A coalition of newspapers urged a judge Thursday to keep open the preliminary hearing for accused double murderer Scott Peterson, saying closing the proceeding would inflict a "loss of public confidence in the criminal justice system."
Prosecutors are expected to lay out closely guarded evidence at the preliminary hearing, which is scheduled for Sept. 9. At its close, Judge Al Girolami will decide whether there is enough evidence to proceed to trial.
District Attorney James Brazelton said in June that he wanted to conduct a preliminary hearing in the case -- rather than indict Peterson through a closed grand jury proceeding -- to counter misinformation.
Peterson, who is accused of murdering his wife, Laci, and the couple's unborn son, Conner, has asked a judge to close the hearing.
Lead defense attorney Mark Geragos warned that prosecutors could introduce bogus evidence during the proceeding.
Geragos also argued that widespread publicity would harm Peterson's right to a fair trial and tip off the "actual perpetrators" in the case.
But extensive publicity does not legally justify closing the hearing, countered newspaper coalition attorney Charity Kenyon in a legal brief filed Thursday in Stanislaus County Superior Court. The Bee is a member of the coalition.
Under California law, a preliminary hearing can only be closed if a judge finds it is essential to preserve the defendant's right to a fair trial, and closing the hearing will be effective in preserving that right.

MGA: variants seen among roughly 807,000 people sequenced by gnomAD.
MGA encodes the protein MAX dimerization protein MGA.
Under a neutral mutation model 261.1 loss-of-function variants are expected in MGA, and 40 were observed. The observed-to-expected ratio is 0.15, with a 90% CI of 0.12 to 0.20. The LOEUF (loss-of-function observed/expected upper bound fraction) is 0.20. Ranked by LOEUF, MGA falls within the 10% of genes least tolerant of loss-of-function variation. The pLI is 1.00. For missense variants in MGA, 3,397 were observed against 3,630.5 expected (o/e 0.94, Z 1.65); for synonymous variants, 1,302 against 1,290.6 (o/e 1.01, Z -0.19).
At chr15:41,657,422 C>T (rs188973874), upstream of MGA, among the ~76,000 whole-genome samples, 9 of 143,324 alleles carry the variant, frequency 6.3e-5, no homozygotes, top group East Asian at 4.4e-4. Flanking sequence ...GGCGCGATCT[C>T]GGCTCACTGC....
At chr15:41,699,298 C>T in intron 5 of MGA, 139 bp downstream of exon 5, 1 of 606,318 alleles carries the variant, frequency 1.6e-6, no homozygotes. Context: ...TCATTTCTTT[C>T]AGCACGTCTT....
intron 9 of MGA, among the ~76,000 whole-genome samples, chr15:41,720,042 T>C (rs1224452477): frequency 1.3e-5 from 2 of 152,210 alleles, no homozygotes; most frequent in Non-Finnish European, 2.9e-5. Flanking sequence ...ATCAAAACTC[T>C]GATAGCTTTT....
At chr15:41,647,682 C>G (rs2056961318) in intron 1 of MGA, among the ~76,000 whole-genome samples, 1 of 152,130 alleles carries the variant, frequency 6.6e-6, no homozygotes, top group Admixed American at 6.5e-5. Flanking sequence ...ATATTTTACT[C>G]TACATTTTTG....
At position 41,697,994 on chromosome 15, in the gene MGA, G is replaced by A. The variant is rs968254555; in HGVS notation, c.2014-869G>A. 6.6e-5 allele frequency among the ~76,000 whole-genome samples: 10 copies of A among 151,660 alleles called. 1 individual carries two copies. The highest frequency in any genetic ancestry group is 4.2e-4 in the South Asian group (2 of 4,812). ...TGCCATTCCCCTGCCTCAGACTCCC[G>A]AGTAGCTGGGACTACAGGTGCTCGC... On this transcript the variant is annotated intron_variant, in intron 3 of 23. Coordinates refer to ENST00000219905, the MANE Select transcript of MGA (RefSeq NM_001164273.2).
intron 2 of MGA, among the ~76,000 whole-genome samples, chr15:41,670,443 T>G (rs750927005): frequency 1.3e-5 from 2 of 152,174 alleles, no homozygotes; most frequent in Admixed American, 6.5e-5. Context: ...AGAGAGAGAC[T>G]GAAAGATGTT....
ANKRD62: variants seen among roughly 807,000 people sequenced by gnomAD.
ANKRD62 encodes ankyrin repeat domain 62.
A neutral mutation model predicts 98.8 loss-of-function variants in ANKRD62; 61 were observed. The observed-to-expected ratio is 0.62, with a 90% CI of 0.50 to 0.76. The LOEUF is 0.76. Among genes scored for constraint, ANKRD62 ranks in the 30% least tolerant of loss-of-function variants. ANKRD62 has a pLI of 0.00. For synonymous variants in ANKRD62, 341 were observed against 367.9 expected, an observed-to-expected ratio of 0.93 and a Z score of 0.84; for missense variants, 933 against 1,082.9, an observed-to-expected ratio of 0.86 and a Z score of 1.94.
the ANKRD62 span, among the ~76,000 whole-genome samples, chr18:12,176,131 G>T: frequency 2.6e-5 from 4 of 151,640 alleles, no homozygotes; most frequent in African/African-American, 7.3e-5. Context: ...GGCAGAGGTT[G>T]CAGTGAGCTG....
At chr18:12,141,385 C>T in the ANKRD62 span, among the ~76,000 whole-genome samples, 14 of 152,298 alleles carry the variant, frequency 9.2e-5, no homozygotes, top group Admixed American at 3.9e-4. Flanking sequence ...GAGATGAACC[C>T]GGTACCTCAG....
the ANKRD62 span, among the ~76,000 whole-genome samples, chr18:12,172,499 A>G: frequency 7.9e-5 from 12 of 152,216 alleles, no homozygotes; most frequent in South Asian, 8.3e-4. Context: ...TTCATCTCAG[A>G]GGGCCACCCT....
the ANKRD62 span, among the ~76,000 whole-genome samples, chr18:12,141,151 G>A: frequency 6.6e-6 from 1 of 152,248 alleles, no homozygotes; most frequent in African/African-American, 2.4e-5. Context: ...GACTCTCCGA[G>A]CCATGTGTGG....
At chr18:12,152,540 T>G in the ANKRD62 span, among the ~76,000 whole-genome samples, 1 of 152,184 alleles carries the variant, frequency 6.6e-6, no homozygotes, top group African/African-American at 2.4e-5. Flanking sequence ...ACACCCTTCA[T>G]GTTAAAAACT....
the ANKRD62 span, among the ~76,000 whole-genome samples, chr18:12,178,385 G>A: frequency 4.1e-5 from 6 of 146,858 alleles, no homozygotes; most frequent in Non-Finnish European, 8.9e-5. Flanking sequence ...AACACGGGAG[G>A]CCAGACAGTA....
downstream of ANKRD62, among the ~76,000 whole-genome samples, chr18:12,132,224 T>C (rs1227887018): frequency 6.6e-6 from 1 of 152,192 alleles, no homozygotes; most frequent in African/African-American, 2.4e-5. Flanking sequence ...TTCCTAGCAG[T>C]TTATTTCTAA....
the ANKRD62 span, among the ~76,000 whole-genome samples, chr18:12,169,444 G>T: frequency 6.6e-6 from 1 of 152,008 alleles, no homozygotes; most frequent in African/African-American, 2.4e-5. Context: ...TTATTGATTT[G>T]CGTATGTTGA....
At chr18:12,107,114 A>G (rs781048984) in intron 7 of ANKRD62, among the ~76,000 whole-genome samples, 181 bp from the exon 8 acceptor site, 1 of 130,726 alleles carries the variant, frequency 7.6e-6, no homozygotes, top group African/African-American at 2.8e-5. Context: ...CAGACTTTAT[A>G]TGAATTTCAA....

Even then, the hearing cannot be closed if there are other means available to ensure a fair trial.
In the Peterson case, those remedies could include moving the trial to another county, delaying the trial until media attention has subsided or sequestering the jury, Kenyon wrote.
Open courts are an integral part of the justice system and serve as an invaluable deterrent against "corrupt or overzealous prosecutor(s) and ... compliant biased or eccentric judge(s)," Kenyon noted, citing the 1986 U.S. Supreme Court case that set the bar for closing court proceedings.
"The value of openness lies in the fact that people not actually attending trials can have confidence that standards of fairness are being observed," Kenyon, wrote. "Public scrutiny is a primary safeguard of the defendant's rights."
Prosecutors have asked for the hearing to be open but to have cameras banned from the courtroom.
A hearing on the issues is scheduled for Aug. 14.
Bee staff writer John Coté can be reached at 578-2394 or email@example.com.